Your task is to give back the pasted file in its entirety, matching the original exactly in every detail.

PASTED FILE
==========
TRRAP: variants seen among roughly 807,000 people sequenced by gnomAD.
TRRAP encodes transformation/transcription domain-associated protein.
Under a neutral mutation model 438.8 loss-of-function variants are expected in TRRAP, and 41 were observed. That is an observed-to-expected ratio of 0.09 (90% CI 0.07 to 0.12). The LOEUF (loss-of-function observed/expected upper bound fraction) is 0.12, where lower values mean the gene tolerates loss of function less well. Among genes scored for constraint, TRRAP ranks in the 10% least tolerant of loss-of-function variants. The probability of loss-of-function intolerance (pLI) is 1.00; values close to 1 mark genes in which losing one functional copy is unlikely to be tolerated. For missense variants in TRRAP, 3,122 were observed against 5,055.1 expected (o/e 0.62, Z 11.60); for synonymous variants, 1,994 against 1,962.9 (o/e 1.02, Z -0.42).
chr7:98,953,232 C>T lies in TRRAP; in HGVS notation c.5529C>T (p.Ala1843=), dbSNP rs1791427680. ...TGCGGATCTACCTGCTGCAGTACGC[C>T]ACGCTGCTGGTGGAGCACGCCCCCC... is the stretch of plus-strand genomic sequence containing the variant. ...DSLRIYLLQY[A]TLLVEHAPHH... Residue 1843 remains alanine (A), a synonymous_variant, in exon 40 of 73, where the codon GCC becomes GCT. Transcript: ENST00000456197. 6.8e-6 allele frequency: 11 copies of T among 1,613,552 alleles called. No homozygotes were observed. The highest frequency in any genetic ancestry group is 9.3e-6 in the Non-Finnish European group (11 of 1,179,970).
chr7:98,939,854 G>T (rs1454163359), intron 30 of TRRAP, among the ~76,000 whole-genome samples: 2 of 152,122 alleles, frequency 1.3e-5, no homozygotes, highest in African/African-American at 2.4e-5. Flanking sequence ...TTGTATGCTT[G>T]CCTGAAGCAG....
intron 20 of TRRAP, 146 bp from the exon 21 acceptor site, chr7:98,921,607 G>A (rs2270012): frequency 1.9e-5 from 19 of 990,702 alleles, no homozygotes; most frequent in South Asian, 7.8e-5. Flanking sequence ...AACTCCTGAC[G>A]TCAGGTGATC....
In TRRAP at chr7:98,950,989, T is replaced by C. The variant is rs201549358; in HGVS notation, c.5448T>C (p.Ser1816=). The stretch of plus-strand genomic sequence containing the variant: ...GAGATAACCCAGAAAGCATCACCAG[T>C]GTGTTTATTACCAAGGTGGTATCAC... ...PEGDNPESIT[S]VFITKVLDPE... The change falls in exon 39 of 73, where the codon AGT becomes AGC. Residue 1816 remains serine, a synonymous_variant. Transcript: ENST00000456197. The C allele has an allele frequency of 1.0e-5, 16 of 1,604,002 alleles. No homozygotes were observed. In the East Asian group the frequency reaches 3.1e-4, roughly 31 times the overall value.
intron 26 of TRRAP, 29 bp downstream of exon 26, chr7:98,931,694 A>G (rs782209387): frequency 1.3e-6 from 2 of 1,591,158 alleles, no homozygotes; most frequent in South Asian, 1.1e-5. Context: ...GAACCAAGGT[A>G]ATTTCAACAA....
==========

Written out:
TRRAP: variants seen among roughly 807,000 people sequenced by gnomAD.
TRRAP encodes transformation/transcription domain-associated protein.
Under a neutral mutation model 438.8 loss-of-function variants are expected in TRRAP, and 41 were observed. That is an observed-to-expected ratio of 0.09 (90% CI 0.07 to 0.12). The LOEUF (loss-of-function observed/expected upper bound fraction) is 0.12, where lower values mean the gene tolerates loss of function less well. Among genes scored for constraint, TRRAP ranks in the 10% least tolerant of loss-of-function variants. The probability of loss-of-function intolerance (pLI) is 1.00; values close to 1 mark genes in which losing one functional copy is unlikely to be tolerated. For missense variants in TRRAP, 3,122 were observed against 5,055.1 expected (o/e 0.62, Z 11.60); for synonymous variants, 1,994 against 1,962.9 (o/e 1.02, Z -0.42).
chr7:98,953,232 C>T lies in TRRAP; in HGVS notation c.5529C>T (p.Ala1843=), dbSNP rs1791427680. ...TGCGGATCTACCTGCTGCAGTACGC[C>T]ACGCTGCTGGTGGAGCACGCCCCCC... is the stretch of plus-strand genomic sequence containing the variant. ...DSLRIYLLQY[A]TLLVEHAPHH... Residue 1843 remains alanine (A), a synonymous_variant, in exon 40 of 73, where the codon GCC becomes GCT. Transcript: ENST00000456197. 6.8e-6 allele frequency: 11 copies of T among 1,613,552 alleles called. No homozygotes were observed. The highest frequency in any genetic ancestry group is 9.3e-6 in the Non-Finnish European group (11 of 1,179,970).
chr7:98,939,854 G>T (rs1454163359), intron 30 of TRRAP, among the ~76,000 whole-genome samples: 2 of 152,122 alleles, frequency 1.3e-5, no homozygotes, highest in African/African-American at 2.4e-5. Flanking sequence ...TTGTATGCTT[G>T]CCTGAAGCAG....
intron 20 of TRRAP, 146 bp from the exon 21 acceptor site, chr7:98,921,607 G>A (rs2270012): frequency 1.9e-5 from 19 of 990,702 alleles, no homozygotes; most frequent in South Asian, 7.8e-5. Flanking sequence ...AACTCCTGAC[G>A]TCAGGTGATC....
In TRRAP at chr7:98,950,989, T is replaced by C. The variant is rs201549358; in HGVS notation, c.5448T>C (p.Ser1816=). The stretch of plus-strand genomic sequence containing the variant: ...GAGATAACCCAGAAAGCATCACCAG[T>C]GTGTTTATTACCAAGGTGGTATCAC... ...PEGDNPESIT[S]VFITKVLDPE... The change falls in exon 39 of 73, where the codon AGT becomes AGC. Residue 1816 remains serine, a synonymous_variant. Transcript: ENST00000456197. The C allele has an allele frequency of 1.0e-5, 16 of 1,604,002 alleles. No homozygotes were observed. In the East Asian group the frequency reaches 3.1e-4, roughly 31 times the overall value.
intron 26 of TRRAP, 29 bp downstream of exon 26, chr7:98,931,694 A>G (rs782209387): frequency 1.3e-6 from 2 of 1,591,158 alleles, no homozygotes; most frequent in South Asian, 1.1e-5. Context: ...GAACCAAGGT[A>G]ATTTCAACAA....